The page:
You would grumble at spending $15 in fees to pay a $100 repair bill with a cashier’s check, but it is far more acceptable to pay $1 for a money order at Walmart or $2 at the post office for a little purchase or payment.

The fact that you do not need to visit a bank to obtain a money order might be a significant advantage. At any post office, you may purchase a money order for up to $500 for $1.45, or for any sum up to $1,000 for an additional 50 cents.

The cost of military-issued postal money orders is fifty cents. The post office accepts cash, debit cards, and travelers checks, but no credit cards. You just pay the money order’s face value plus the associated charge, then retain the receipt for tracking reasons.

Where can you cash a cashier’s check?

Banks and credit unions

Cashier’s checks can be cashed at banks and credit unions. Unless you are a customer of the banking institution, you will likely be required to pay a charge.

Other conditions may also apply. For example, U.S. Bank demands your Social Security number in order to cash a check above $500. You must present a photo ID practically everywhere, although Bank of America and Citibank need two kinds of identification.

Check cashing services

Additionally, you may cash a cashier’s check at several check cashing establishments, including Ace Cash Express, Check ‘n Go, Check Into Cash, Pay-O-Matic, PLS Check Cashing, Money Mart, and Moneytree.

Check-cashing establishments generate revenue by charging a fee to cash your checks, and the fees can be substantial because they are frequently calculated as a percentage of the face amount of the check.

Therefore, if you cash a $2,000 cashier’s check at a shop that has a 5% fee, you will spend $100 to retrieve your money. The costs vary from shop to store, with some requiring a minimum charge or a minor sign-up fee for the initial transaction. PLS, for instance, cashes checks for “as little as 1 percent plus $1.” And costs at Advance Financial run from 1% to 5%, with a minimum fee of $5.

Big box stores

Walmart and other large retailers may also cash cashier’s checks. So can large stores like Kroger and H-E-B.

Rules and limits vary from shop to store. Walmart costs $4 for checks up to $1,000 and $8 for checks above $1,000, but H-E-B, situated in Texas, charges $3 for checks up to $3,000 and variable prices for checks with larger amounts.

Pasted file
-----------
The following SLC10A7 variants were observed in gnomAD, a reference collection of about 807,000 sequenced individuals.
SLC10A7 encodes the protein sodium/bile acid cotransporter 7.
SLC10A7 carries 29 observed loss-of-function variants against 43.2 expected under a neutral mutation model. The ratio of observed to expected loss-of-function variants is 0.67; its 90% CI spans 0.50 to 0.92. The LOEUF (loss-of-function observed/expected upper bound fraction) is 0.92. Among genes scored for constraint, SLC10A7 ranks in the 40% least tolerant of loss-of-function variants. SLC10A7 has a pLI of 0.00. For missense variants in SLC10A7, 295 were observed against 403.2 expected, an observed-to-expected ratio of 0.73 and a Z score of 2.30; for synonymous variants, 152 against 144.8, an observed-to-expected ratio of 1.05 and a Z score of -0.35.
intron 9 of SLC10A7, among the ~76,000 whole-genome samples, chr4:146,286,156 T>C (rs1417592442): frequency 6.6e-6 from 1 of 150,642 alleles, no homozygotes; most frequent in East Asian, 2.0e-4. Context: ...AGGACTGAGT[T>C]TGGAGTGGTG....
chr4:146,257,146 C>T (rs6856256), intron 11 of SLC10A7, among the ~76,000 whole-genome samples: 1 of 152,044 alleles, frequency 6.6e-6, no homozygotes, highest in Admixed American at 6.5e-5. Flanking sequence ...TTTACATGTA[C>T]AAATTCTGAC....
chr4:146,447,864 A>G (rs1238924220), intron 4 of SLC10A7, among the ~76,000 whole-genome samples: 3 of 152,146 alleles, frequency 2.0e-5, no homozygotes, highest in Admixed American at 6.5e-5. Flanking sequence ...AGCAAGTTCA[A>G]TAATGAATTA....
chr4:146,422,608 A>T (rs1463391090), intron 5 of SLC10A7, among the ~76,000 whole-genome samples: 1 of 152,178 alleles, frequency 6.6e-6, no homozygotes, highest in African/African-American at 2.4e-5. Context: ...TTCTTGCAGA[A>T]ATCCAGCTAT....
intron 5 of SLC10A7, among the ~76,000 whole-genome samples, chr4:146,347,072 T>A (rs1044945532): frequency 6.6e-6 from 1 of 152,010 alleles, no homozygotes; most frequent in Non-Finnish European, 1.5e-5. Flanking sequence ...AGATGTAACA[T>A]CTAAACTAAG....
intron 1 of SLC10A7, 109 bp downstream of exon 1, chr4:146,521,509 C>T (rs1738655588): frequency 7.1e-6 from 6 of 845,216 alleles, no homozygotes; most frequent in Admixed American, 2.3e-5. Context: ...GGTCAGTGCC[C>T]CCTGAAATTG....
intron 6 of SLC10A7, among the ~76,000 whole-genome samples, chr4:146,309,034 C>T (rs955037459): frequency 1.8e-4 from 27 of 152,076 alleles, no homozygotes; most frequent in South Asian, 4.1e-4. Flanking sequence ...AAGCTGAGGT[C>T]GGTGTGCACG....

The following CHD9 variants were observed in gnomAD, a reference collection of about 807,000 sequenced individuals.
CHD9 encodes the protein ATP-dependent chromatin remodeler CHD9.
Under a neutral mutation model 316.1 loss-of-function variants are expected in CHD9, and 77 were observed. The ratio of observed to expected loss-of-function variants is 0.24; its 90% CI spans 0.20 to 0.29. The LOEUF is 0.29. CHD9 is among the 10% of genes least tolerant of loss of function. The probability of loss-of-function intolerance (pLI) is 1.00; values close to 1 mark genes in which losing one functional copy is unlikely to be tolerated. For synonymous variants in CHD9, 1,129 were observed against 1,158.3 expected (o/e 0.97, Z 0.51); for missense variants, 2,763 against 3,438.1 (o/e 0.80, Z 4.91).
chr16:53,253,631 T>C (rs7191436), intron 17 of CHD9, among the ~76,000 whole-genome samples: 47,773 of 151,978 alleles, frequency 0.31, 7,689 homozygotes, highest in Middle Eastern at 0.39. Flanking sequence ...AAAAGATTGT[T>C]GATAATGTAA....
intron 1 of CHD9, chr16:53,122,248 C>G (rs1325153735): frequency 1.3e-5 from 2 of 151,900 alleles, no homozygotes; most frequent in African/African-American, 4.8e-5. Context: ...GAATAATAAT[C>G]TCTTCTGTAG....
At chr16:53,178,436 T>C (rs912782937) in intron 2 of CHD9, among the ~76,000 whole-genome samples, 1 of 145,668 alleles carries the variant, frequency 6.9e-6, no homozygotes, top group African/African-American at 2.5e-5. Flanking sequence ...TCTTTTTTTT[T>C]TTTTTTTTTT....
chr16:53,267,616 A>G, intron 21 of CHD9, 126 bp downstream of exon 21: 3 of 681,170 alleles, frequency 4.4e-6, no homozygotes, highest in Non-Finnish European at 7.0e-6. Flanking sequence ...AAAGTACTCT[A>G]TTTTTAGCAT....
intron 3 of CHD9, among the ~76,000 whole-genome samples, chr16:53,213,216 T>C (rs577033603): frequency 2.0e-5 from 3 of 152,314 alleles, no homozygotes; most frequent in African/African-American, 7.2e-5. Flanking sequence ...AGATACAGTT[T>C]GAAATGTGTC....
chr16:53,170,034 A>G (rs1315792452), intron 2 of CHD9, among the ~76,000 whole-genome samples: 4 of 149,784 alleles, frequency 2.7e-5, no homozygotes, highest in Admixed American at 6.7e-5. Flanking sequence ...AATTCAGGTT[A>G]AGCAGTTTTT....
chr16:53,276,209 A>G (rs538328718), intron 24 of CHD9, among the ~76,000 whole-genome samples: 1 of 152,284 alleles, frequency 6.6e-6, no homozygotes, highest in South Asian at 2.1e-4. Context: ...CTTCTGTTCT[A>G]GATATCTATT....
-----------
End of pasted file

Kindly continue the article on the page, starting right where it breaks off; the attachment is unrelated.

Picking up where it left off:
Cashing a cashier’s check for less than $2,500 at Kroger costs $4 with a store card, compared to $4.50 without one. The cost for greater sums is $7 with a card and $7.50 without one.

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Several travel centers, like TA/Petro, offer check cashing services. You may become a member (for a cost of $25) and cash checks of up to $999. There is a service fee, but it is waived with an eligible purchase, such as 60 gallons of diesel fuel, a $50 purchase from a convenience shop, or $250 or more in vehicle maintenance/repair services.

Best Places You Can Cash a Check

Even if you do not have a bank account, you have alternatives if you get a paper check. Learn first how to cash a cheque. Then, investigate locations where you may cash the check and learn about the normal costs, criteria, and restrictions.

Things To Consider When You Cash a Check

Cashing a check outside of a bank where you have an account requires much more than endorsing and presenting the check in exchange for fee-free cash. Before you proceed to a merchant or check-cashing establishment to convert your check for cash, consider the following:

Fees for a cashier’s check

Traditional banks often charge between $10 and $15 for cashier’s checks. Certain account holders are exempt from fees by some institutions. Bank of America, for instance, charges its checking and savings account users $15 for a cashier’s check, but waives the price for account holders who reach specific balance requirements.

If you require cashier’s checks frequently, you may wish to choose a bank that provides them at no cost to account holders. Online banks like Ally Bank and Discover, for instance, provide free legitimate bank checks.

The bank will likely charge a shipping fee if you purchase cashier’s checks online, whether through an internet bank or a traditional bank.

Wells Fargo, for instance, charges $10 to issue a cashier’s check to clients with savings and checking accounts, in addition to a $8 delivery cost for online sales.